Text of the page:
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On a more personal note, I was really honored to be asked to help make this remarkable book possible. As readers of this blog know, David Pettegrew and I have been collaborating for over two decades now on various archaeological projects in the Eastern Mediterranean. Over this time, we’ve also developed our own interests and commitments to our local communities as well. It was really fun to be able to work on a project related to these non-Mediterranean projects especially this summer when it wasn’t possible to travel and do field work. 

I really hope that you take the time to download and check out this book. It is a remarkable document situated at the intersection of community activism and academic historical research. But more than that, so many of the stories in the book are really engrossing and paint a rich picture of the African American community in Harrisburg over the course of the 19th and 20th century.

One Hundred Voices Cover FINAL ONEPAGE SM 

Some More Thoughts on Book Layout

The next few weeks will be particularly exciting ones for The Digital Press at the University of North Dakota. We have a book release tomorrow and then another on September 1. 

But over the last week or so, I’ve been focused on a book that will come out on November 1. I’ve just started design work and layout and have had the fun of working closely with authors who have clear ideas of how they want their book to work. It was also my first opportunity to produce an archaeological catalogue, which has turned out to be a bit of a learning experience.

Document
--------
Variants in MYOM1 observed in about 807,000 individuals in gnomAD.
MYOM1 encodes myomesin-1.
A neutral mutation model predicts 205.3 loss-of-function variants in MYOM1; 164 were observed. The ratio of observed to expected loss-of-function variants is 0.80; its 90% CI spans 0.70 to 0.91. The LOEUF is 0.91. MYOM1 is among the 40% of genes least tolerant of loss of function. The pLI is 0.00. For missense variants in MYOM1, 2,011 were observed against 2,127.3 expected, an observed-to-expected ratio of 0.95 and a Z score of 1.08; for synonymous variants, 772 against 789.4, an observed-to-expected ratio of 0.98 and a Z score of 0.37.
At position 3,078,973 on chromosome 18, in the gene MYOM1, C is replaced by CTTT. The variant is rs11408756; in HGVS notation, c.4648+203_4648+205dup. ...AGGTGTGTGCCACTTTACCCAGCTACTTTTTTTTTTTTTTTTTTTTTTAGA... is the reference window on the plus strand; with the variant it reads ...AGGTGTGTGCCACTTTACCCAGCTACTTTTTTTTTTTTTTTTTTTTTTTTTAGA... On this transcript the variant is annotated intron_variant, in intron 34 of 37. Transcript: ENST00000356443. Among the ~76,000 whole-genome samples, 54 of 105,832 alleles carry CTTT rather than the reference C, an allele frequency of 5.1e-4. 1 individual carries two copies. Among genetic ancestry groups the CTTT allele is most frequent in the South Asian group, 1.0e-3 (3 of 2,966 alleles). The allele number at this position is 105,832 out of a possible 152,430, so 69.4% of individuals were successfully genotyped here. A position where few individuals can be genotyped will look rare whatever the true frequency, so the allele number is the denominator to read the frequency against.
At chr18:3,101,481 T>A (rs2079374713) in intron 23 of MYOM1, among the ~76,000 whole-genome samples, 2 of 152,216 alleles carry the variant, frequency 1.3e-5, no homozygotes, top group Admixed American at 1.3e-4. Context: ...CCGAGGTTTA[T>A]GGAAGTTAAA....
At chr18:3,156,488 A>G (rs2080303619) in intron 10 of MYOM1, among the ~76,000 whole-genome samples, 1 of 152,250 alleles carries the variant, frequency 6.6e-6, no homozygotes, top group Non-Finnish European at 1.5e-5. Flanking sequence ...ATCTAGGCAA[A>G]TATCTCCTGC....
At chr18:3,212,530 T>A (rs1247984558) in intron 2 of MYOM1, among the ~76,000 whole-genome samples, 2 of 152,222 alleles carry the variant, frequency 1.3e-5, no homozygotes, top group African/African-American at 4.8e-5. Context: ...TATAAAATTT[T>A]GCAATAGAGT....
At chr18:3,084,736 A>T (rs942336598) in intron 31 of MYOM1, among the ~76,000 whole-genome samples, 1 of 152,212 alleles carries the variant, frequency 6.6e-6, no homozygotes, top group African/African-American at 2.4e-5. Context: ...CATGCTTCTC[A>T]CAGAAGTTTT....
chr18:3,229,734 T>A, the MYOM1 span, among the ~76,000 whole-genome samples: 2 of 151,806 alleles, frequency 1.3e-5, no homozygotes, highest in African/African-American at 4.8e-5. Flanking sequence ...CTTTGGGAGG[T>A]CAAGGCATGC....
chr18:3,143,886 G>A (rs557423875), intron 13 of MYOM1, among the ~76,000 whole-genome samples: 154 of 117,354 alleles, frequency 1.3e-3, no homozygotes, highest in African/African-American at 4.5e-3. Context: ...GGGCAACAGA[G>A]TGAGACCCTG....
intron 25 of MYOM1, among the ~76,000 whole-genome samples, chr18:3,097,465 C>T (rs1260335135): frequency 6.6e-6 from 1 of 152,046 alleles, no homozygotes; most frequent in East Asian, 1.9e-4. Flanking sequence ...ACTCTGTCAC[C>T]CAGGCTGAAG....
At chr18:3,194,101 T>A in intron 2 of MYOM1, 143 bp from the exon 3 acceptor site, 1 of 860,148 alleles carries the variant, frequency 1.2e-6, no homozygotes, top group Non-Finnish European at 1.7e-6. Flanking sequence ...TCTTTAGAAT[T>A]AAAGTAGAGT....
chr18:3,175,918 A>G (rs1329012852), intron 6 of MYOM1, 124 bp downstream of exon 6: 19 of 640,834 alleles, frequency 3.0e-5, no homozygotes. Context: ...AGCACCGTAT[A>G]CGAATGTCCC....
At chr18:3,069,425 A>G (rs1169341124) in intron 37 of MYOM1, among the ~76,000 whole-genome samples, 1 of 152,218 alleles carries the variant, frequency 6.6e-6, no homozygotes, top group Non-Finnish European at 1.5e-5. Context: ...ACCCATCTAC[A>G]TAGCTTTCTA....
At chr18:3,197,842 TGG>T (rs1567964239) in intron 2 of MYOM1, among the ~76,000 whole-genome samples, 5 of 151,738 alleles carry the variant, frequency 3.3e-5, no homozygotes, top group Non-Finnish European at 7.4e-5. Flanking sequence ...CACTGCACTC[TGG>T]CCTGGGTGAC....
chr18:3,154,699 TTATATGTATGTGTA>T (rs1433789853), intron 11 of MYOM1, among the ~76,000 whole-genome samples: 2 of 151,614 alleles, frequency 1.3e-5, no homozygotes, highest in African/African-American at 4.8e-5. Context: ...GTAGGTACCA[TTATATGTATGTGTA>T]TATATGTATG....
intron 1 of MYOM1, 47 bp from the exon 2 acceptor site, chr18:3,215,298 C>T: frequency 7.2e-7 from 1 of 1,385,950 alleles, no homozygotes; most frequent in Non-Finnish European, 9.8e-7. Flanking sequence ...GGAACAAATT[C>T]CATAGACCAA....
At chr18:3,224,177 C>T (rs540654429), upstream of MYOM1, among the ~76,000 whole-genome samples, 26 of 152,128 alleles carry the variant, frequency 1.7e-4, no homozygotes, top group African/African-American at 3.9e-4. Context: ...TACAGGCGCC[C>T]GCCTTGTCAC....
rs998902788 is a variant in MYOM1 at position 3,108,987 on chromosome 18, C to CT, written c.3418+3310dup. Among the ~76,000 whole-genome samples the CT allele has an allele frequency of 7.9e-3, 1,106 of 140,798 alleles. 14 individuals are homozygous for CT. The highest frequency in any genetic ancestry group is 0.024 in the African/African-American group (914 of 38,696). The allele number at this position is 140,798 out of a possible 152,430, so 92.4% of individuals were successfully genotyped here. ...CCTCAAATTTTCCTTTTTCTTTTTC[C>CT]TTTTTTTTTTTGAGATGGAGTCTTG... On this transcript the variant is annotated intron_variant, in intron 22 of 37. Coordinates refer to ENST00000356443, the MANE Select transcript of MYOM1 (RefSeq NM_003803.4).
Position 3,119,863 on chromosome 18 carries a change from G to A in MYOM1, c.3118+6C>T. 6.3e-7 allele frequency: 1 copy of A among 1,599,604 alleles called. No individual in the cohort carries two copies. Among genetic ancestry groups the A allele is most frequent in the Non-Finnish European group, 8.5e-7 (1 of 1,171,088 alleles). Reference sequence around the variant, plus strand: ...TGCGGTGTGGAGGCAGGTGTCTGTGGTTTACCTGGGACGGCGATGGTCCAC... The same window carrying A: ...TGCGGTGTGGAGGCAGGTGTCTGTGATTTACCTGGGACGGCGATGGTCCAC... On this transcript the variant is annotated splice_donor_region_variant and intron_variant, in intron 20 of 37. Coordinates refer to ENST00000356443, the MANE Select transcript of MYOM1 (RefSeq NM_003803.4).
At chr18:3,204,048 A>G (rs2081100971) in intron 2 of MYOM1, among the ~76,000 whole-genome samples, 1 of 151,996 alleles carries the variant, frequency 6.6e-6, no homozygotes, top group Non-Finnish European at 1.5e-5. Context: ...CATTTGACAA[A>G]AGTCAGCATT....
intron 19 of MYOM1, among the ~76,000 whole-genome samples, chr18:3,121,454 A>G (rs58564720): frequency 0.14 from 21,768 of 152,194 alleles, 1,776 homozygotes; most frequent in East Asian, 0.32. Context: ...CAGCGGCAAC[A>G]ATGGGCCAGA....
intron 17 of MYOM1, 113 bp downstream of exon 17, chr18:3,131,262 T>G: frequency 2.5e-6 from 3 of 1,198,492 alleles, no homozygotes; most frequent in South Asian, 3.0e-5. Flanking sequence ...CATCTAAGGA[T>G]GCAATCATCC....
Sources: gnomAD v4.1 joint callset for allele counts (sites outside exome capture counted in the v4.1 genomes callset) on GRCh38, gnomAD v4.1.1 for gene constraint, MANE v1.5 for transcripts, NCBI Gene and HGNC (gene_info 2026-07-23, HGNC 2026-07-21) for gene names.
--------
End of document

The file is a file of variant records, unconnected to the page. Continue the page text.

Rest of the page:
As a result, the basic page design went through a few iterations that I thought that I’d share.

The initial page design was set in 11 point Miller Text which the authors felt was just a bit too big. The also felt like the catalogue organization was not hierarchical enough and that the indent after the various subheadings made the text too narrow.

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Test Template Chapter 3 2Conc pdf  page 8 of 37 2020 08 17 07 28 03

I didn’t disagree with this and thought maybe that they’d prefer a text set in Chaparral rather than the more open Miller Text.

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Test Template Chapter 3 2Chap pdf  page 8 of 26 2020 08 17 07 31 16

I really like Chaparral and thought that it gave the text block a bit more of a buttoned down and traditional feeling. Alas, my authors did not feel the same way and still felt that the catalogue lacked a bit of visual ordering.

I went back to Miller but dropped the size to 10 point and carried the style of headings from the rest of the text into the catalogue to create more clear divisions between the various parts of the catalogue entries. I also made the line spacing a bit denser to make the text feel a bit more serious.